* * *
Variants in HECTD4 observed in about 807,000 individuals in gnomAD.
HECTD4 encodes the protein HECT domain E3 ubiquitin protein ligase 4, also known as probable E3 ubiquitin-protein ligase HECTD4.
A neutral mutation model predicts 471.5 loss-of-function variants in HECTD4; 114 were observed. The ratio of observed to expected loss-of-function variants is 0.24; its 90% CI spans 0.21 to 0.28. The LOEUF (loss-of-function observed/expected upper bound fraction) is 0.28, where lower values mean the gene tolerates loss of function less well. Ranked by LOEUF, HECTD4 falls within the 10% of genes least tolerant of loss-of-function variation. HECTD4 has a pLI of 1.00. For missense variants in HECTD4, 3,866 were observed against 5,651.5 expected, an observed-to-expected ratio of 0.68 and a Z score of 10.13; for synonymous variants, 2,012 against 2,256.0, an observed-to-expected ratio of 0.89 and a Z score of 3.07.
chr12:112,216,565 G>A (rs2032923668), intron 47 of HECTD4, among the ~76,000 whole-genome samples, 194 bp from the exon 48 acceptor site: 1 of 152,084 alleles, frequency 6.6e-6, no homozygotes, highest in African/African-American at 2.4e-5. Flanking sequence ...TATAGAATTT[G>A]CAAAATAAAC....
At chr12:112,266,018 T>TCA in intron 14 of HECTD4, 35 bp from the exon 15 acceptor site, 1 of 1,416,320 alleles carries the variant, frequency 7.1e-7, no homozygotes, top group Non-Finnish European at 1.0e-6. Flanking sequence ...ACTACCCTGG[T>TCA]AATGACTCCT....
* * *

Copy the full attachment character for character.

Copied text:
Variants in HECTD4 observed in about 807,000 individuals in gnomAD.
HECTD4 encodes the protein HECT domain E3 ubiquitin protein ligase 4, also known as probable E3 ubiquitin-protein ligase HECTD4.
A neutral mutation model predicts 471.5 loss-of-function variants in HECTD4; 114 were observed. The ratio of observed to expected loss-of-function variants is 0.24; its 90% CI spans 0.21 to 0.28. The LOEUF (loss-of-function observed/expected upper bound fraction) is 0.28, where lower values mean the gene tolerates loss of function less well. Ranked by LOEUF, HECTD4 falls within the 10% of genes least tolerant of loss-of-function variation. HECTD4 has a pLI of 1.00. For missense variants in HECTD4, 3,866 were observed against 5,651.5 expected, an observed-to-expected ratio of 0.68 and a Z score of 10.13; for synonymous variants, 2,012 against 2,256.0, an observed-to-expected ratio of 0.89 and a Z score of 3.07.
chr12:112,216,565 G>A (rs2032923668), intron 47 of HECTD4, among the ~76,000 whole-genome samples, 194 bp from the exon 48 acceptor site: 1 of 152,084 alleles, frequency 6.6e-6, no homozygotes, highest in African/African-American at 2.4e-5. Flanking sequence ...TATAGAATTT[G>A]CAAAATAAAC....
At chr12:112,266,018 T>TCA in intron 14 of HECTD4, 35 bp from the exon 15 acceptor site, 1 of 1,416,320 alleles carries the variant, frequency 7.1e-7, no homozygotes, top group Non-Finnish European at 1.0e-6. Flanking sequence ...ACTACCCTGG[T>TCA]AATGACTCCT....